Hong Kong gets ready to shut down all unlicensed crypto exchanges –

Crypto exchanges are leaving Hong Kong. Will this undermine the region’s aspirations to become an international crypto hub?

Hong Kong authorities said that all cryptocurrency exchanges that have not applied for an operating license with the Securities and Futures Commission (SFC) of Hong Kong are required by law to cease operating in the region immediately.

Thus, at the beginning of the year, the SFC explicitly requested cryptocurrency exchanges to either submit an application for a license by Feb. 29 or stop operating in the region within three months.

At least 22 crypto exchanges applied for licenses required to operate in Hong Kong at the time specified by the SFC. However, some of them withdrew their applications shortly before the deadline.

Thus, journalist Colin Wu writes that last month, six global platforms, including OKX, Gate.HK and Huobi HK left the Hong Kong market. Moreover, many of them needed to indicate the reasons for their unexpected decision. Only Gate.HK cited the need for an “overhaul” of its trading platform before it could comply with Hong Kong regulatory requirements.

“Many industry insiders are worried that the new licensing system will turn into a replica of the “food truck incident” or even become a case of the government’s promotion of virtual banks, with much ado about nothing.”

Colin Wu, blockchain journalist

Compulsory license

Effective June 1, virtual asset trading platforms (VATPs) operating in Hong Kong must be licensed under the Anti-Money Laundering and Anti-Terrorism Financing Order (AMLO) to be legal.

This regulatory change requires VATPs to be licensed by the Financial Services Council or to qualify as applicants “deemed to be licensed.” Acting without following the rules is a criminal offense, and strict action has been promised against violations.

“This list sets out the names of virtual asset trading platform operator applicants (VATP applicants) whose licence applications have yet to be approved by the SFC [Note 1] and includes those which are deemed-to-be-licensed VATP applicants as of 1 June 2024.”

SFC statement

Failure to comply with SFC standards will result in the license being refused, and platforms may be forced to cease operations in Hong Kong. The SFC emphasizes the temporary nature of the conditions, which are intended to encourage market development and ensure investor safety.

Who can get a license?

According to Bloomberg, in early June, the SFC announced that some cryptocurrency exchanges were one step closer to obtaining licenses.

The total number of applicants includes companies such as HKbitEX, VDX, HKVAX, PantherTrade, Accumulus, DFX Labs,, xWhale, bitV, YAX, Bullish,, WhaleFin, Matrixport HK, HKX, and bitcoinworld.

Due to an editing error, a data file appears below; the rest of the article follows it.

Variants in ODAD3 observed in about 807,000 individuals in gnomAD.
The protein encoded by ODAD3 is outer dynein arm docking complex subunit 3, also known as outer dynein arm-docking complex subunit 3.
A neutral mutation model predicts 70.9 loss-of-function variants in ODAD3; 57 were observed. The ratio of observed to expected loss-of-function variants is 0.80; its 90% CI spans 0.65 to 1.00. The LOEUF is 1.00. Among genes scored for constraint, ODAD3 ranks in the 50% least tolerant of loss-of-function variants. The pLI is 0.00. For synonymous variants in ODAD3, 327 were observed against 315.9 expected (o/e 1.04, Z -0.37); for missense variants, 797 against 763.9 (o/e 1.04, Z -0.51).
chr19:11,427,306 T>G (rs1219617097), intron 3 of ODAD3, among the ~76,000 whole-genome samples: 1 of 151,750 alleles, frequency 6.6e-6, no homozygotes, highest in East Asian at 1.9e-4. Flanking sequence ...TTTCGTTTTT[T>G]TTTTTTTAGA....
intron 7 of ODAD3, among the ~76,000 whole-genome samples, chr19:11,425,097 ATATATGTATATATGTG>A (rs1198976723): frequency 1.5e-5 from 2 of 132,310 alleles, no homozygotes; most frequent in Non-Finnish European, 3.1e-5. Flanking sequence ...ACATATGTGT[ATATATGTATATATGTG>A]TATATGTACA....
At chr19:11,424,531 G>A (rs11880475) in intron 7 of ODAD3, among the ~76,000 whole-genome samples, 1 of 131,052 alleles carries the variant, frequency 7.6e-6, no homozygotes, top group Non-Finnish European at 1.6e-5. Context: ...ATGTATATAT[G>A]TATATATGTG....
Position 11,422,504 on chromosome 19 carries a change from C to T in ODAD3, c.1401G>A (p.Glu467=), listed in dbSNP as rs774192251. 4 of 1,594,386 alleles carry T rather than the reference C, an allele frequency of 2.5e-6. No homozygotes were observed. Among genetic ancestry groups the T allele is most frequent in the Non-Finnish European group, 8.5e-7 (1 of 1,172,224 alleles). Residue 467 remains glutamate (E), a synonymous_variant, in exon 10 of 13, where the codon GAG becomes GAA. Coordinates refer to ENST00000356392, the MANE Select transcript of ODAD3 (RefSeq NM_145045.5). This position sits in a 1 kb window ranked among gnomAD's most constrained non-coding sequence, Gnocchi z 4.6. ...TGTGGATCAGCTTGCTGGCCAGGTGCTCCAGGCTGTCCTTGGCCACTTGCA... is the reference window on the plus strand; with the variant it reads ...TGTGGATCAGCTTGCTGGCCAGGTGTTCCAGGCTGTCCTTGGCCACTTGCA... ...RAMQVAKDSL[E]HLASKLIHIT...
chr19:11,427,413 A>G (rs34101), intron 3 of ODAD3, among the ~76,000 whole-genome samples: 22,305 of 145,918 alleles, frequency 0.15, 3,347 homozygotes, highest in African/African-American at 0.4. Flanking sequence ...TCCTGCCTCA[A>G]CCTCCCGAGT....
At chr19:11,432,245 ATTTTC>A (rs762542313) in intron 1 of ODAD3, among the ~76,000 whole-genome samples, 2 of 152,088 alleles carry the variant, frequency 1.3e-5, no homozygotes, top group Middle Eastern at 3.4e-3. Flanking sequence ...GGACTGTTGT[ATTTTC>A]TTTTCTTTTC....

At the same time, large platforms like OKX have withdrawn permit applications. Binance, the world’s largest exchange, did not apply, as did Coinbase and Kraken.

Prohibition on servicing clients from China

Hong Kong has been designated as a Special Administrative Region of China under the principle of “one country, two systems” since July 1997. At the same time, the attitude of the two regions towards cryptocurrencies is fundamentally different.

China has strictly banned cryptocurrency trading since September 2021, but interest in Bitcoin (BTC) is growing. Despite the ban, the underground cryptocurrency market in China still has huge trading volumes. Hong Kong is open to digital assets and faces an economic slowdown that is pushing investors toward digital assets.

Colin Wu revealed some details of obtaining official permission. Several applicants told him that the SFC required license applicants to guarantee that the exchanges would not serve users from mainland China in any world region.

The source claims that this condition could be the reason some cryptocurrency exchanges have left Hong Kong.

Hong Kong heads to web3

Unlike mainland China, Hong Kong has been actively developing blockchain in the last few years.

In October 2022, the government announced the legalization of retail transactions with cryptocurrency. At the beginning of December 2022, the Legislative Council of Hong Kong adopted legislation that introduced the concept of virtual assets and established mandatory licensing of crypto service providers from June 1, 2023.

In April, six Bitcoin and Ethereum (ETH) spot ETFs were launched for trading in Hong Kong. Four companies received approval to launch the new tool: China Asset Management, Harvest Global Investments, Bosera, and HashKey.

In addition to Hong Kong citizens, international investors who meet all local standards will also have access to the new ETFs. In particular, they must go through the Know Your Customer (KYC) procedure. This inclusive approach could expand the client base and improve the liquidity and stability of the Hong Kong ETF market.

Will the new rules ruin Hong Kong’s efforts?

Hong Kong’s approach emphasizes investor protection and anti-money laundering measures, which could discourage those demanding stricter compliance conditions. However, despite a ban on crypto trading there, the city offers a potential window to mainland China’s wealth.

Regulators are running several pilot projects to assess cryptos’ potential benefits and explore related applications. In addition, Hong Kong has gradually confirmed its pro-cryptographic position, becoming the most crypto-ready country.

One way or another, with mandatory licensing of crypto exchanges, Hong Kong will further strengthen its position as the world’s leading cryptocurrency hub.


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